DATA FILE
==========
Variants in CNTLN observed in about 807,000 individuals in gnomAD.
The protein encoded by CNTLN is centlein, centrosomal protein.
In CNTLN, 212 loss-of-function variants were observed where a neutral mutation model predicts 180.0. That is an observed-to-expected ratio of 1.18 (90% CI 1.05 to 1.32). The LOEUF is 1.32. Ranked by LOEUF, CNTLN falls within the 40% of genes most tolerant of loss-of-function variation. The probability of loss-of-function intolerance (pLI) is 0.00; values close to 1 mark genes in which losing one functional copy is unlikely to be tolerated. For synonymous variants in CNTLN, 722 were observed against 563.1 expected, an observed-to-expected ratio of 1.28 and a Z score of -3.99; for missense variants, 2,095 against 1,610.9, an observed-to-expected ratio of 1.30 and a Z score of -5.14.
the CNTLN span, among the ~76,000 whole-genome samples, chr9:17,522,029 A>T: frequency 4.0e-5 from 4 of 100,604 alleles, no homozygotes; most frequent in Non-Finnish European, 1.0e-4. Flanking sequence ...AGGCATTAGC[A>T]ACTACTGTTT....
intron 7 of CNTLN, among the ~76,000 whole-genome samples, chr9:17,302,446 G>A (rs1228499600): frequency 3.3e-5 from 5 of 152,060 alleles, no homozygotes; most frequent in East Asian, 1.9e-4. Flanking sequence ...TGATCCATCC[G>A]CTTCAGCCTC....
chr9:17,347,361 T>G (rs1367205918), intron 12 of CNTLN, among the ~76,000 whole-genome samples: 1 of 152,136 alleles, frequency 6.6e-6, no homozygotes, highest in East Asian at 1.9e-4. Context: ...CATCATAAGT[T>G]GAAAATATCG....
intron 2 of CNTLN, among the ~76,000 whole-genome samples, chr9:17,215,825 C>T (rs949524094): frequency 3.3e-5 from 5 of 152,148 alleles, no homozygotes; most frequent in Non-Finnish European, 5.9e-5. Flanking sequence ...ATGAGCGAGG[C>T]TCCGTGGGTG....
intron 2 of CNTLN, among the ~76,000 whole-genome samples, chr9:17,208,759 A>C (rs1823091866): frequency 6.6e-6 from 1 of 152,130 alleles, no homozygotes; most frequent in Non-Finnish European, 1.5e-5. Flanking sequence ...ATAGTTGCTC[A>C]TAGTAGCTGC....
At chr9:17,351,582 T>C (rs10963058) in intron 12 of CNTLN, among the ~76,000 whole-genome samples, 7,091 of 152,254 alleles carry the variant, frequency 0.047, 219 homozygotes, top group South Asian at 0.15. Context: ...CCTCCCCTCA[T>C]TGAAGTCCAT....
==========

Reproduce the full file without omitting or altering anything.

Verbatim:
Variants in CNTLN observed in about 807,000 individuals in gnomAD.
The protein encoded by CNTLN is centlein, centrosomal protein.
In CNTLN, 212 loss-of-function variants were observed where a neutral mutation model predicts 180.0. That is an observed-to-expected ratio of 1.18 (90% CI 1.05 to 1.32). The LOEUF is 1.32. Ranked by LOEUF, CNTLN falls within the 40% of genes most tolerant of loss-of-function variation. The probability of loss-of-function intolerance (pLI) is 0.00; values close to 1 mark genes in which losing one functional copy is unlikely to be tolerated. For synonymous variants in CNTLN, 722 were observed against 563.1 expected, an observed-to-expected ratio of 1.28 and a Z score of -3.99; for missense variants, 2,095 against 1,610.9, an observed-to-expected ratio of 1.30 and a Z score of -5.14.
the CNTLN span, among the ~76,000 whole-genome samples, chr9:17,522,029 A>T: frequency 4.0e-5 from 4 of 100,604 alleles, no homozygotes; most frequent in Non-Finnish European, 1.0e-4. Flanking sequence ...AGGCATTAGC[A>T]ACTACTGTTT....
intron 7 of CNTLN, among the ~76,000 whole-genome samples, chr9:17,302,446 G>A (rs1228499600): frequency 3.3e-5 from 5 of 152,060 alleles, no homozygotes; most frequent in East Asian, 1.9e-4. Flanking sequence ...TGATCCATCC[G>A]CTTCAGCCTC....
chr9:17,347,361 T>G (rs1367205918), intron 12 of CNTLN, among the ~76,000 whole-genome samples: 1 of 152,136 alleles, frequency 6.6e-6, no homozygotes, highest in East Asian at 1.9e-4. Context: ...CATCATAAGT[T>G]GAAAATATCG....
intron 2 of CNTLN, among the ~76,000 whole-genome samples, chr9:17,215,825 C>T (rs949524094): frequency 3.3e-5 from 5 of 152,148 alleles, no homozygotes; most frequent in Non-Finnish European, 5.9e-5. Flanking sequence ...ATGAGCGAGG[C>T]TCCGTGGGTG....
intron 2 of CNTLN, among the ~76,000 whole-genome samples, chr9:17,208,759 A>C (rs1823091866): frequency 6.6e-6 from 1 of 152,130 alleles, no homozygotes; most frequent in Non-Finnish European, 1.5e-5. Flanking sequence ...ATAGTTGCTC[A>C]TAGTAGCTGC....
At chr9:17,351,582 T>C (rs10963058) in intron 12 of CNTLN, among the ~76,000 whole-genome samples, 7,091 of 152,254 alleles carry the variant, frequency 0.047, 219 homozygotes, top group South Asian at 0.15. Context: ...CCTCCCCTCA[T>C]TGAAGTCCAT....